Reached by phone by ABC News on Friday, MacNamara declined to comment and hung up when asked about the allegations.

While it’s unclear what effect the arrests and new charges will have on the Aryan Brotherhood’s network, U.S. Attorney McGregor W. Scott told reporters Thursday they expected the operation would amount to “a very significant setback for one of California’s most notorious prison gangs.”

Copyright © 2019, ABC Radio. All rights reserved.

Texas police chief, Army veteran, missing after being knocked overboard from boat

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iStock/Thinkstock(GALVESTON, Texas) — Authorities spent Friday afternoon and evening searching Galveston Bay for one of their own after a local police chief was knocked overboard from a fishing boat.

Chris Reed, who serves as police chief for Kemah, Texas, located on the Gulf Coast just southeast of Houston, was knocked off the boat by a larger passing vessel near Texas City, according to the U.S. Coast Guard.

“The initial report is, they caught a wake from another vessel passing through the area and became off balance and fell overboard,” said Texas Emergency Management Coordinator Tom Munoz.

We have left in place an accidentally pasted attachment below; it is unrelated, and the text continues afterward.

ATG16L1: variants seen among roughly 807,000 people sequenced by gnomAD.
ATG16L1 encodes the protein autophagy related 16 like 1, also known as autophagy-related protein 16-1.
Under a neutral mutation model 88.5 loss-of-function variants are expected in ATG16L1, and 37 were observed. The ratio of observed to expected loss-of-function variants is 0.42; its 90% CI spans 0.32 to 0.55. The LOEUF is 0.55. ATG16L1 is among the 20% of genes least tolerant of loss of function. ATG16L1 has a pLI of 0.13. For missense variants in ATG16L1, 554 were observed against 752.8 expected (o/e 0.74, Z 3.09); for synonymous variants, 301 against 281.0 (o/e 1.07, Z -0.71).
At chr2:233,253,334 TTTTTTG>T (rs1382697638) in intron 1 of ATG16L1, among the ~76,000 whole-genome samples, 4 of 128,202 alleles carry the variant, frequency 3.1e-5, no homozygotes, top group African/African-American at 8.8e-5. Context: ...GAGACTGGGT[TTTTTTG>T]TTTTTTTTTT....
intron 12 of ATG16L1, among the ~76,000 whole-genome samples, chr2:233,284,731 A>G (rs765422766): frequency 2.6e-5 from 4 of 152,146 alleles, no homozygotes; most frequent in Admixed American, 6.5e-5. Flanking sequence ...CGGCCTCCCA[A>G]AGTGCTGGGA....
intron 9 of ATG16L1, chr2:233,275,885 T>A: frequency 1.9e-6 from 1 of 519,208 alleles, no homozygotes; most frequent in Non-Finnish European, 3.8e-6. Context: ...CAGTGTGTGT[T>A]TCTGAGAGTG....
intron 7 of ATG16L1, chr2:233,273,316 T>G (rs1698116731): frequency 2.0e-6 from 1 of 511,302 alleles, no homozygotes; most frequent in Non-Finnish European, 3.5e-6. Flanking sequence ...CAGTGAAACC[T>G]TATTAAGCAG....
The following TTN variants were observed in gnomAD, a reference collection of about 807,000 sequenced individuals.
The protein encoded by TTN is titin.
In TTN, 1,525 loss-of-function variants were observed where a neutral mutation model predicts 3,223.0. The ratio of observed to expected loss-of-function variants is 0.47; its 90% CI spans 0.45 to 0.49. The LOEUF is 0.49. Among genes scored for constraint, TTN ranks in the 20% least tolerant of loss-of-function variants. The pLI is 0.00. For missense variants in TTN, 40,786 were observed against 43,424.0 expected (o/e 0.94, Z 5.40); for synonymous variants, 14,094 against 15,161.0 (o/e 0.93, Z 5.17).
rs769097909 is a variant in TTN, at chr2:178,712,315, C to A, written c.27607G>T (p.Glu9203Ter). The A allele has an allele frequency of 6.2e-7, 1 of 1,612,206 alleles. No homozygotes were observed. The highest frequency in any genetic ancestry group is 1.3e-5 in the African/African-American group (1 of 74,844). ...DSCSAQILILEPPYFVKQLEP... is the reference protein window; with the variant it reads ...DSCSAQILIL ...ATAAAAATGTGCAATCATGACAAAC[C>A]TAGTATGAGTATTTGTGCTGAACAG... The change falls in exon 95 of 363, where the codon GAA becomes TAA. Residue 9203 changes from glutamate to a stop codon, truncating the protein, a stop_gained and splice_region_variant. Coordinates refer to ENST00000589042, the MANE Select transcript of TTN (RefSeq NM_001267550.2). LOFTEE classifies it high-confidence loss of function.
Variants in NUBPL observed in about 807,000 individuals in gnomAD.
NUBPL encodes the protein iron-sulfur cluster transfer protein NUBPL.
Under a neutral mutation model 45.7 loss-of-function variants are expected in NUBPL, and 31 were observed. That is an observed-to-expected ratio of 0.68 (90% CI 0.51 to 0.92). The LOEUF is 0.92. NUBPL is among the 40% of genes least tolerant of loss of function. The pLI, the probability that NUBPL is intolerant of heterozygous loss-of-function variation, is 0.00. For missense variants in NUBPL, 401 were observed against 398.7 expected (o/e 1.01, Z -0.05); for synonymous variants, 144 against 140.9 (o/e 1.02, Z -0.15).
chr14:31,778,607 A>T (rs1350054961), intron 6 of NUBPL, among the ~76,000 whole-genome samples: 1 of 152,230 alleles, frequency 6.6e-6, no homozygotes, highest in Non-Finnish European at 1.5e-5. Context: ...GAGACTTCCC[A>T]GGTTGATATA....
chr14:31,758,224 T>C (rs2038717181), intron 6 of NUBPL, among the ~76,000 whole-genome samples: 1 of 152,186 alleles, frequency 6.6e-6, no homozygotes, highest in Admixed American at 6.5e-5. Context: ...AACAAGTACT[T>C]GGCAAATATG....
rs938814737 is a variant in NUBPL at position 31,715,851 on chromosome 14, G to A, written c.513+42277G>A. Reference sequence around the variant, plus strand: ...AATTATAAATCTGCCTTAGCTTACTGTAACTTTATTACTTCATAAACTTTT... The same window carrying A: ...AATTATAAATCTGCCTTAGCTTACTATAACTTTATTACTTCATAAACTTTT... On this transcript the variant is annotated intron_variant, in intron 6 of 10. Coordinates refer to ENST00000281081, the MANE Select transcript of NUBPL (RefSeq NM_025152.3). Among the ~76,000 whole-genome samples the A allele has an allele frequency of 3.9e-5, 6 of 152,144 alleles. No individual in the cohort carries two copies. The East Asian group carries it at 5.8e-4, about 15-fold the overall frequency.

Reed’s wife called 911 to report her husband had fallen overboard at about 4 p.m. local time, authorities said.

He was not wearing a life jacket.

“Chief Reed is a big, big part of Galveston County law enforcement,” Texas City Police Chief Joe Stanton said at a press conference Friday night. “I want to thank all of the agencies that have responded — the response has been overwhelming — and our hearts and prayers go out to the family.”

“We’re a tight-knit group here and he’s one of ours, and we’re out there and we’re going to find him,” Stanton added.

On Saturday morning, the city released a statement on Facebook sending “prayers and thoughts” to Reed’s family as the search continued.

The Coast Guard mobilized both sea and air search-and-rescue units, but had not found Reed as of late Friday night.

“We will continue our search efforts through this evening and into tomorrow morning and the Coast Guard will continue its search efforts as long as we feel that he is viable on the surface,” Coast Guard Lt. Cmdr. Caren Damon told reporters Friday evening.

Reed also serves on the board for the Clear Creek Independent School District.